With the aforementioned issues, consumers often pressure the government to regulate the pricing model of natural monopolies. There are three popular approaches: laissez faire, price-cap, and rate-of-return.
Laissez faire is one of the less proactive options among the three. It refers to the government not to interfere with the economy to uphold the concept of a free-market unless necessary. It is argued that when a natural monopoly fits the market in terms of effectiveness, its better not to discourage its efficiency through regulation (Seldon & Seldon, 1984). In contrast, some claimed that by not imposing as much regulation, the market may seem more desirable for new entrants, thus fostering competitions, and with it brings innovation and price reduction to gain competitiveness, which would ultimately benefits consumers (Ekelund & Hébert,2003). Effectiveness aside, Kim and Horn (1999) added that the complexity of regulation on natural monopolies may proved to be problematic for developing countries that are inexperienced with such cases, and it may be more harmful to the economy if regulations are implemented incorrectly.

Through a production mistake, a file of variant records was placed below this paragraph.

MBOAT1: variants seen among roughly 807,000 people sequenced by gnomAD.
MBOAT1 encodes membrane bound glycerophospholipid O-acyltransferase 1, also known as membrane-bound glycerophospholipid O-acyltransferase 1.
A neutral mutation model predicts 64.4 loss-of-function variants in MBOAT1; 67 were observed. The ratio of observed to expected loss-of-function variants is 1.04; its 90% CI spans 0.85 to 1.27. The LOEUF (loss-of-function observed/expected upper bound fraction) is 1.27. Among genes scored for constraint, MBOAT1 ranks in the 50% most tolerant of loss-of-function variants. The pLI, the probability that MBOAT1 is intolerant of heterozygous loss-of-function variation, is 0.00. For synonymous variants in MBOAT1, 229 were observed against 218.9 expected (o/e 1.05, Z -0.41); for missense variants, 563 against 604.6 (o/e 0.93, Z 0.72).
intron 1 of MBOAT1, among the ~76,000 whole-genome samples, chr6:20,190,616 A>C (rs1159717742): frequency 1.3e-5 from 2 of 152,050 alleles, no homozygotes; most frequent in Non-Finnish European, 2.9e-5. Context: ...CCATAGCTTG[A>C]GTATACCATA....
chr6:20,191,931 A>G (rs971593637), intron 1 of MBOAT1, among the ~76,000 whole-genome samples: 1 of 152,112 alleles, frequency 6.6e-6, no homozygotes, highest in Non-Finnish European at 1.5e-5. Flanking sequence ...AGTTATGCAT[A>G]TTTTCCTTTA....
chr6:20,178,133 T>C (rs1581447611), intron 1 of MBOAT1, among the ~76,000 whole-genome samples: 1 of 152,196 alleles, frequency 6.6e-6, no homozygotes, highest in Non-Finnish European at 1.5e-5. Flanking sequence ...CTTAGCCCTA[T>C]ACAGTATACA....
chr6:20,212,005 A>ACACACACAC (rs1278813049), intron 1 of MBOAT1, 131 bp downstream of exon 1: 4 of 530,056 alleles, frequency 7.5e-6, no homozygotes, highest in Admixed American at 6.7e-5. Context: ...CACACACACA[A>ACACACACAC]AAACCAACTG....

Under rate of return regulation, also known as the profit-cap approach, a revenue requirement is determined based on the firm’s accounting cost during a test year (Leland, 1974).A rate of return is then calculated based on the historical data. With it, the regulator can finds the appropriate price that the monopoly should have charged in a competitive market. This approach can effectively limit the natural monopoly’s profit, maintaining it at an acceptable in consumers’ point of view. Stelzer (1996) believed rate-of-return approach is more flexible than price-cap, as it cap profit instead of price, it prevents privatizing companies from enjoying “excessive” profit and pays them to its executives.